Review: Verdi Requiem ends festival season gloriously |

Review: Verdi Requiem ends festival season gloriously

Harvey Steiman
Special to The Aspen Times
Aspen, CO Colorado

In pre-concert remarks, Aspen Music Festival president Alan Fletcher said that scheduling the Verdi Requiem for the season finale had caused some controversy. “A downer,” some had called it.

Not so. After a glorious, dramatic and powerful 80 minutes, the music comes to rest on a soft, fuzzy, beautiful A-flat major chord. That’s no downer.

A quartet of outstanding singers, the Colorado Symphony Orchestra Chorus, the Aspen Festival Orchestra and conductor Leonard Slatkin gave this monumental work its due Sunday, bringing a near-capacity audience in the Benedict Music Tent to its feet in appreciation. It was a glorious way to close out the season.

Slatkin shepherded a performance notable for drawing the drama from the core of the music. He laid down soft carpets of string sound for the hushed opening, then whipped up thrilling storms in the Dies irae and Tuba mirum. His tempos felt exactly right, and he found balances that kept the momentum high without overpowering the singers.

It would have been difficult to overpower mezzo-soprano Michelle DeYoung or bass Morris Robinson. Their outsized voices cut through no matter what was going on. More importantly, they understood what the music was all about and delivered it framed in gold. Soprano Twyla Robinson and tenor Vinson Cole, despite voices not as big, still carried the music clearly and effectively.

DeYoung was simply magnificent. Her Liber scriptus was like a full-fledged aria, as if Ulrica (from Verdi’s Un Ballo in Maschera) had been summoned to present a ringing sermon. Leading the trio of singers in Lux aeterna, her voice softened and warmed, melding with the others. Robinson (the bass) thundered without any apparent strain, and scared the bejeebers out of us in Mors stupebit and Confutatis.

Robinson (the soprano) deployed a creamy lyric timbre for her music, most effective in her duets with DeYoung – Recordare and Agnus Dei. A clipped high B-flat aside, her final Libera me combined gorgeous sound with fervent prayer. Cole, a fullfledged faculty member here, used his clear, focused lyric sound convincingly in the ensembles and in his big moment, Ingemisco.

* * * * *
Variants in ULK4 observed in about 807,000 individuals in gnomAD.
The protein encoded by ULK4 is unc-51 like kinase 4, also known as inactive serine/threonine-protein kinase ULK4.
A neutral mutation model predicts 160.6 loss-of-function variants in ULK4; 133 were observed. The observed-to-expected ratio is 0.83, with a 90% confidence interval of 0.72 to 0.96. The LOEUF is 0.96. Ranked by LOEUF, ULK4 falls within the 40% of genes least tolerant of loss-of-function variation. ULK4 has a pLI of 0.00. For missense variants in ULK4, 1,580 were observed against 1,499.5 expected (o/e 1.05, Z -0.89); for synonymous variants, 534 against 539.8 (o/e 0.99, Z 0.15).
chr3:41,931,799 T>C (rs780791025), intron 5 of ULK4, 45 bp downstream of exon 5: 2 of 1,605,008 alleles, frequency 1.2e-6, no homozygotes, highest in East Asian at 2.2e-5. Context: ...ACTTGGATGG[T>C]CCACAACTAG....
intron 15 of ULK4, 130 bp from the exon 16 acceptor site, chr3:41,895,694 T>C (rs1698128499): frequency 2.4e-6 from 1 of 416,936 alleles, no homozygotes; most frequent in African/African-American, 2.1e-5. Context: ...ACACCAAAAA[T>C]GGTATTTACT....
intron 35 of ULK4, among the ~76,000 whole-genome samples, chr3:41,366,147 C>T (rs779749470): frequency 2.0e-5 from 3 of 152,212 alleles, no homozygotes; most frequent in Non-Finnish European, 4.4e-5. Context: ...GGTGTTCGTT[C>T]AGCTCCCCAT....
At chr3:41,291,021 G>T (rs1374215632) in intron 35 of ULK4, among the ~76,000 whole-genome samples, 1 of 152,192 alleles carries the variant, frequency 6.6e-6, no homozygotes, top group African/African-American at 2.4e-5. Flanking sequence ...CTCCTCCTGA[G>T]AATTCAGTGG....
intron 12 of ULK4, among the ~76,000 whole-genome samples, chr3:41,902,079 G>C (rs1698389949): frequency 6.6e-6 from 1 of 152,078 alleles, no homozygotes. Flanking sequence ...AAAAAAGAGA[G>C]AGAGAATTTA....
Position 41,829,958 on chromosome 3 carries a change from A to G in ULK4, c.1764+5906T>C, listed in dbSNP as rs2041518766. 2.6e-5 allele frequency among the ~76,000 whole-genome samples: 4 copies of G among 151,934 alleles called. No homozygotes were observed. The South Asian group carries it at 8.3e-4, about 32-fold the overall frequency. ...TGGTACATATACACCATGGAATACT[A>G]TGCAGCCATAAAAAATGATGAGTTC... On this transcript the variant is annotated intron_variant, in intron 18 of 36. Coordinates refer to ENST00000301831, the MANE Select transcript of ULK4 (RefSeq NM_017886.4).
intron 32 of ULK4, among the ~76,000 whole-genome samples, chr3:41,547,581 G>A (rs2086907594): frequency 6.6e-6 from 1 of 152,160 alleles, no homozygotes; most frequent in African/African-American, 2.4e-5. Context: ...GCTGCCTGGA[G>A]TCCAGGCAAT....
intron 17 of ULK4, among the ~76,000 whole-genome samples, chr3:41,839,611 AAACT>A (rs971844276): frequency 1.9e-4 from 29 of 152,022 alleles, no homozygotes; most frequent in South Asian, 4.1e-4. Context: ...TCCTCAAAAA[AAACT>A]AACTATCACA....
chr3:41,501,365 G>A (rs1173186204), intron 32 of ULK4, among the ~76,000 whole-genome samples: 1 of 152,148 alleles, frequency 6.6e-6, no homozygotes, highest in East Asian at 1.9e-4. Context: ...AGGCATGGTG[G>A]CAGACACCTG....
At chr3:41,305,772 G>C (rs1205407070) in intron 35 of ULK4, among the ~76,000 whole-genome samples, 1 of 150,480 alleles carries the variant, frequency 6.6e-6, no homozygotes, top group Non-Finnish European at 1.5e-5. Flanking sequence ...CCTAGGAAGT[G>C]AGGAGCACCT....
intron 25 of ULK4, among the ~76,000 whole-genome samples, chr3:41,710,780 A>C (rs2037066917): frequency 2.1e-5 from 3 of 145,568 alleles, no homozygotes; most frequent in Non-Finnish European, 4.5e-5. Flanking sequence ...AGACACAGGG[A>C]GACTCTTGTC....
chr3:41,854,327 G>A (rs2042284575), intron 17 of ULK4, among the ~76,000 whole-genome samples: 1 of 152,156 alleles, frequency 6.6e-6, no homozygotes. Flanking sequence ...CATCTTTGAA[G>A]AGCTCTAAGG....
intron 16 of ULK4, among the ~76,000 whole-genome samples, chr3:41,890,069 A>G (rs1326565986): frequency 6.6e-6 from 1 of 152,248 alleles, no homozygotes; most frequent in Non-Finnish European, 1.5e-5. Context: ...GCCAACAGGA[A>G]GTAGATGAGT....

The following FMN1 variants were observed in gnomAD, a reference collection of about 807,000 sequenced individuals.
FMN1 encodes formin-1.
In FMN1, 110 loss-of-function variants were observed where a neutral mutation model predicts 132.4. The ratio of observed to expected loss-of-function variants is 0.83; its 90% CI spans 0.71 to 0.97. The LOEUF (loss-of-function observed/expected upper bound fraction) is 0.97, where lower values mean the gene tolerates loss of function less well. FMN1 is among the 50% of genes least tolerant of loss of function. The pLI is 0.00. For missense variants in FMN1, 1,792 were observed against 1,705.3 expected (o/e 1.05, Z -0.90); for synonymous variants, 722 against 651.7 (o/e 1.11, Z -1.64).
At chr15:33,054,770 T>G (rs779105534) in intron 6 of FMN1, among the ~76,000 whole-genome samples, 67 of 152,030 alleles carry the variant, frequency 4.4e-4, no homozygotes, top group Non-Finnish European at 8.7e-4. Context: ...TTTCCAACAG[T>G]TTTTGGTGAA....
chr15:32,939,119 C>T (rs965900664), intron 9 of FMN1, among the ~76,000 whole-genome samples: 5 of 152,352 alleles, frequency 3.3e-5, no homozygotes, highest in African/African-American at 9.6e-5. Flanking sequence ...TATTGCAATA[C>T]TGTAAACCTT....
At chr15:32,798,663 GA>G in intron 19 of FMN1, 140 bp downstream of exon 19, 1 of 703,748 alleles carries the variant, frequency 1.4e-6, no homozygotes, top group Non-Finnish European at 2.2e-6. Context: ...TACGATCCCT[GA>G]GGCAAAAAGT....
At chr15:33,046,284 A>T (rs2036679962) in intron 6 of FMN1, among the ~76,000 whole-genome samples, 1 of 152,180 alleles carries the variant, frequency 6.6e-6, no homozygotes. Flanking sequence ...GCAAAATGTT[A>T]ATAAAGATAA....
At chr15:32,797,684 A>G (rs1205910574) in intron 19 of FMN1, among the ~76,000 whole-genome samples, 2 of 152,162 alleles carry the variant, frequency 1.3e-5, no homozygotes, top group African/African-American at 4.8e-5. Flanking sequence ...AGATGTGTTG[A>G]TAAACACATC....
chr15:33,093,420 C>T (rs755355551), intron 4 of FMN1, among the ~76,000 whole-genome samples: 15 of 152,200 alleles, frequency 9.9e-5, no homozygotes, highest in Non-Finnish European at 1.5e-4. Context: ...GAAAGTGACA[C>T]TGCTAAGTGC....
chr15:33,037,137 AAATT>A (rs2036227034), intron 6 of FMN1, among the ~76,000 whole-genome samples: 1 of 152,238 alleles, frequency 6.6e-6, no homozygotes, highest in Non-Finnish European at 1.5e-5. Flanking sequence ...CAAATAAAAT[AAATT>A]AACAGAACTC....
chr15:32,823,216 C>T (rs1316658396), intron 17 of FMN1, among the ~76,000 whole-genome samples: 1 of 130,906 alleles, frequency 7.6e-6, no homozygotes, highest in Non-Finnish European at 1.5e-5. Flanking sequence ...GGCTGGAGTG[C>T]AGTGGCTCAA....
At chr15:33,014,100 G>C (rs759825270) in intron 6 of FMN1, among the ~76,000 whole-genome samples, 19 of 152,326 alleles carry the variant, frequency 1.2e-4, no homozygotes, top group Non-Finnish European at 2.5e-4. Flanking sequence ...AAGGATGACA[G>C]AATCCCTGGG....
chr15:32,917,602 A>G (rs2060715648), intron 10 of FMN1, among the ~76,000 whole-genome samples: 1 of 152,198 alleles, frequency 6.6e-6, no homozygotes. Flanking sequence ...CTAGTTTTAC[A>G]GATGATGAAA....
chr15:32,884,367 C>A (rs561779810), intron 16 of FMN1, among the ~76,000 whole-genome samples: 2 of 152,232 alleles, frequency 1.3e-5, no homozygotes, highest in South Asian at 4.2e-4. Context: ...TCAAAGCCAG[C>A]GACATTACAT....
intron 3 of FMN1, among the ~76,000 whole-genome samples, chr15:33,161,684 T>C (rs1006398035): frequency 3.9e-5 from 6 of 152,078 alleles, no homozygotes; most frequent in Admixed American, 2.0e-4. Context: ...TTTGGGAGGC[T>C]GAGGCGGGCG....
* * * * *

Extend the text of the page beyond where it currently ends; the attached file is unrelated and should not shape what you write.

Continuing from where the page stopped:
For its part, the orchestra played with fervor and accuracy. And aside from an awkward moment at the start of Sanctus, the chorus sang with clarity and distinction.

Finally, anyone looking for omens might have noticed that after the cloudy afternoon turned to showers, the sun emerged as the quartet sang the words “lucem sanctum” (holy light).

Saturday night in Harris Hall, Vladimir Feltsman brought his fierce intelligence to bear on Bach’s Well-Tempered Clavier Book I, a two-hour marathon of preludes and fugues in every key both major and minor. Bach wrote them as exercises, probably never meaning for them all to be performed at once. The challenge for the pianist is to find something to make them cohere. Feltsman’s answer was to emphasize the chromatic aspects of this music, Bach’s harmonic colors, even the sinuous twists and turns in the melodies. Felstman’s formidable technique met the demands of Bach’s three- and four-part counterpoint with no discernible problems, not even in the rapid-fire prelude in G major. He got variety into the music by using dynamics, various levels of legato and other refinements. The result could sometimes overwhelm, as he drew rich sound from the Steinway. He sustained the intensity, increasing from quiet anticipation to cresting waves of power in the final fugue in B minor. For all that, the high points for me came when he ratcheted down the dynamics and let the music flow easily, as it did in the preludes and slow fugues in D minor and G minor. As always with Feltsman, he took liberties that could horrify purists. But he created a world of his own, and as often happens it remained fascinating to the end.

The final Saturday chamber music program included a superb performance of Vaughn-Williams’ seldom-heard Piano Quintet in C minor. Written for the same instrumentation as Schubert’s famous

Trout Quintet, this one finds the composer in a generous mode, lavishing mellow harmonies and a rich lode of melody on the piece. The group, anchored by pianist Gabriel Chodos and bassist Bruce Bansby, did it justice.

Friday’s Chamber Symphony concert got off to a fine start. Just before the lovely final chords of Mendelssohn’s Overture to Midsummer Night’s Dream, conductor Murray Sidlin seamlessly interjected Puck’s final speech (“If we shadows have offended …”) from the play. He’s no Shakespearean actor, but the pacing and style felt just right.

The program finished with a fresh, honest and engaging performance of Bernstein’s Arias and Barcarolles, featuring mezzo-soprano Jamie Barton and bassbaritone Ryan McKinny in an orchestral version that debuted only last year. Although some of it seems musically dated now, the final three pieces, ” Mr. and Mrs. Webb Say Goodnight,” the orchestral “Nachstpiel” and the final “In Memoriam,” find Bernstein at his most perceptively snarky and then his most heartbreakingly sentimental.

In between, Darrett Adkins, a faculty artist who has performed in front of major orchestras across several continents, experienced some unfortunate intonation problems in Haydn’s Cello Concerto in C major. It got a standing ovation anyway. Aspen audiences can be so generous to one of their own.

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